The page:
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Archive for the ‘Funny’ Category

The Importance of Play

If it feels like you have less free time and fewer unstructured “play” hours in your life, you’re not alone. Consider these statistics:

  • The average married couple works 26 percent longer each year than similar working couples did thirty years ago.
  • Leisure time among children ages 12 and under has declined from 40 percent of a child’s day in 1981 to 25 percent of a child’s day in 1997, and about one in four adults reports no leisure-time or physical activity.

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Teddy Bear Hospital in its 5th Year!

NUI Galway will be hosting the 5th Annual Teddy Bear Hospital from 28th – 29th of January 2010. Approximately 1,000 primary school children between the ages of three and eight will be accompanying their teddy bears while they are being admitted.

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A Mum’s Letter To Santa

Dear Santa,

I have been quite a good mummy this year, so for Christmas I would like….

  • A new pair of hands – mine are looking very much like they belong to a 90-year old gardener.
  • Some anti-shouting pills or something to prevent me from slamming things in a mum-rage.
  • A new car would be lovely. Preferably one which doesn’t let in the rain and soak the boy’s car seats, or one which actually gets warm. Either would be nice. Actually, one like daddy’s car would be very nice.
  • Would it be possible to have some self-dying hair, self-manicuring nails and self-applying make-up as I never seem to have the time to do any of this myself.
  • Actually, talking of time, a couple of extra hours a day would be great. In fact, make that four extra hours, but you must insist that I am only allowed to do things for myself in those extra hours.
  • A self-cleaning floor would be great.
  • A sense of style would be lovely.
  • I may be pushing my luck here, but if you could see your way to bringing me my very own Nigella Lawson or Annabel Karmel to deal with all the children’s meals that would be nice. Failing that, if you could fill my freezer with a year’s supple of ready-to-serve, nutritious, organic meals that would be fine.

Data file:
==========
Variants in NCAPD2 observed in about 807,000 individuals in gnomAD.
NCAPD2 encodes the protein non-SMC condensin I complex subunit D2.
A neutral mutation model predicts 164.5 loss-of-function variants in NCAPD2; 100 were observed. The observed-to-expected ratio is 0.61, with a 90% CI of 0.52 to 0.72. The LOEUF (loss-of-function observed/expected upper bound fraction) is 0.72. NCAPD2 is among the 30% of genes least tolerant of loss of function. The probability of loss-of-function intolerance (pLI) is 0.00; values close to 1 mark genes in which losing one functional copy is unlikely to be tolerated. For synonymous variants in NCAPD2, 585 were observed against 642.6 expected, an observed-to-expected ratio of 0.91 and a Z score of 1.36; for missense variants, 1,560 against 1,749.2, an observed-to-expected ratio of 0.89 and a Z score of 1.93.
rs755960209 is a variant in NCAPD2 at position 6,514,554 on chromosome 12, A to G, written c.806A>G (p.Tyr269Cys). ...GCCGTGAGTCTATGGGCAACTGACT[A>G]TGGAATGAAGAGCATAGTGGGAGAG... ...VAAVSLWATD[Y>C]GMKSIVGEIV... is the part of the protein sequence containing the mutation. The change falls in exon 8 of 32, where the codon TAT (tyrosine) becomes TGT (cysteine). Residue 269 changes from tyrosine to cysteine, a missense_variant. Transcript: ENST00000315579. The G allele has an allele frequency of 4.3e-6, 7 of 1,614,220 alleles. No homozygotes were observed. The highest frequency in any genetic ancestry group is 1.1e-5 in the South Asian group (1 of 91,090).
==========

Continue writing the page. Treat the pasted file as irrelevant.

• Oh, and some of those nice chocolates from the coffee shop in the village if you can squeeze them in.

Thanks very much. I left out a mince pie which I made with the children. See, I really am a good mum

Standing on the sidelines

For the past few weeks I have been taking my four-year-old to a soccer skills class at the local community centre.

Due to a combination of a badly timed promo flyer and my mistaken assumption that ‘all weather pitch’ didn’t include rain and a biting wind, we missed the first 2 weeks so it was Week 3 before he made it onto the pitch.

By now the other boys had a 2 week advantage; they knew each other, the activites and the ‘coach’. My little man, on the other hand, stood like a rabbit in the headlights, stranded in the middle of an astro-turf ocean. My noisy, enthusiastic, confident little boy had turned into a shrinking violet in front of my eyes.

In hindsight this was probably because to his young mind ‘football skills’ meant he was expecting to run about kicking a semi-deflated Mickey Mouse ball whilst dodging some sheets and towels hanging on a washing line, occasionally aiming the ball at a brick wall to score a goal and immediately be given a high-five and loads of praise and encouragement.

The activities the coach was playing with the boys bore little resemblance to the ‘football’ my little man knew. So there he stood. Dazed and confused.